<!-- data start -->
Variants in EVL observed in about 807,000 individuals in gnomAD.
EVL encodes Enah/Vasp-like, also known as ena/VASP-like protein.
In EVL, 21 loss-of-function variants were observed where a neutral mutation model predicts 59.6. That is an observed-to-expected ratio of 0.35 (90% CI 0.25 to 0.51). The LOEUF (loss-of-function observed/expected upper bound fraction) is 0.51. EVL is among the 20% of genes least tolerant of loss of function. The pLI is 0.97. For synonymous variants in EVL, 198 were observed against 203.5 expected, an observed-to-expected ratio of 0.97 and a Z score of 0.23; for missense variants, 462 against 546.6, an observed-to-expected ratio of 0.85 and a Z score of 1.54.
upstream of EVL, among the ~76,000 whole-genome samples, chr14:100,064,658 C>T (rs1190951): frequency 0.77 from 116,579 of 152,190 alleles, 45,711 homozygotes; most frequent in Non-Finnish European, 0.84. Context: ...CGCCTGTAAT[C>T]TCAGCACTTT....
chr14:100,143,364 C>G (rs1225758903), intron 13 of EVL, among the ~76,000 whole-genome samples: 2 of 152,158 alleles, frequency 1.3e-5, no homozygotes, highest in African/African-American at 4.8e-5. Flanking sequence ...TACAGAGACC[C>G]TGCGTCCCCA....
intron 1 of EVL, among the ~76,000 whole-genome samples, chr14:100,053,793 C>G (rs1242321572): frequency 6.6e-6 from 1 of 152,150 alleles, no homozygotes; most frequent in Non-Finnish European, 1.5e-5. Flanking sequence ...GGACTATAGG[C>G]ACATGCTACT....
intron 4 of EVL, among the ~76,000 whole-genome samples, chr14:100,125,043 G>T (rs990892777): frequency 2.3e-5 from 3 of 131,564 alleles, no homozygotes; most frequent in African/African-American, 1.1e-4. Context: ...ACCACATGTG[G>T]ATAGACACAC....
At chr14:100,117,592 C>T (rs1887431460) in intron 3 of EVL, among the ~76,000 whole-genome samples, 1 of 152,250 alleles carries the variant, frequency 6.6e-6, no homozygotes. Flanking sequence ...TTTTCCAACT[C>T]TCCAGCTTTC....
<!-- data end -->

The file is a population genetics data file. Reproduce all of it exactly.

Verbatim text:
Variants in EVL observed in about 807,000 individuals in gnomAD.
EVL encodes Enah/Vasp-like, also known as ena/VASP-like protein.
In EVL, 21 loss-of-function variants were observed where a neutral mutation model predicts 59.6. That is an observed-to-expected ratio of 0.35 (90% CI 0.25 to 0.51). The LOEUF (loss-of-function observed/expected upper bound fraction) is 0.51. EVL is among the 20% of genes least tolerant of loss of function. The pLI is 0.97. For synonymous variants in EVL, 198 were observed against 203.5 expected, an observed-to-expected ratio of 0.97 and a Z score of 0.23; for missense variants, 462 against 546.6, an observed-to-expected ratio of 0.85 and a Z score of 1.54.
upstream of EVL, among the ~76,000 whole-genome samples, chr14:100,064,658 C>T (rs1190951): frequency 0.77 from 116,579 of 152,190 alleles, 45,711 homozygotes; most frequent in Non-Finnish European, 0.84. Context: ...CGCCTGTAAT[C>T]TCAGCACTTT....
chr14:100,143,364 C>G (rs1225758903), intron 13 of EVL, among the ~76,000 whole-genome samples: 2 of 152,158 alleles, frequency 1.3e-5, no homozygotes, highest in African/African-American at 4.8e-5. Flanking sequence ...TACAGAGACC[C>G]TGCGTCCCCA....
intron 1 of EVL, among the ~76,000 whole-genome samples, chr14:100,053,793 C>G (rs1242321572): frequency 6.6e-6 from 1 of 152,150 alleles, no homozygotes; most frequent in Non-Finnish European, 1.5e-5. Flanking sequence ...GGACTATAGG[C>G]ACATGCTACT....
intron 4 of EVL, among the ~76,000 whole-genome samples, chr14:100,125,043 G>T (rs990892777): frequency 2.3e-5 from 3 of 131,564 alleles, no homozygotes; most frequent in African/African-American, 1.1e-4. Context: ...ACCACATGTG[G>T]ATAGACACAC....
At chr14:100,117,592 C>T (rs1887431460) in intron 3 of EVL, among the ~76,000 whole-genome samples, 1 of 152,250 alleles carries the variant, frequency 6.6e-6, no homozygotes. Flanking sequence ...TTTTCCAACT[C>T]TCCAGCTTTC....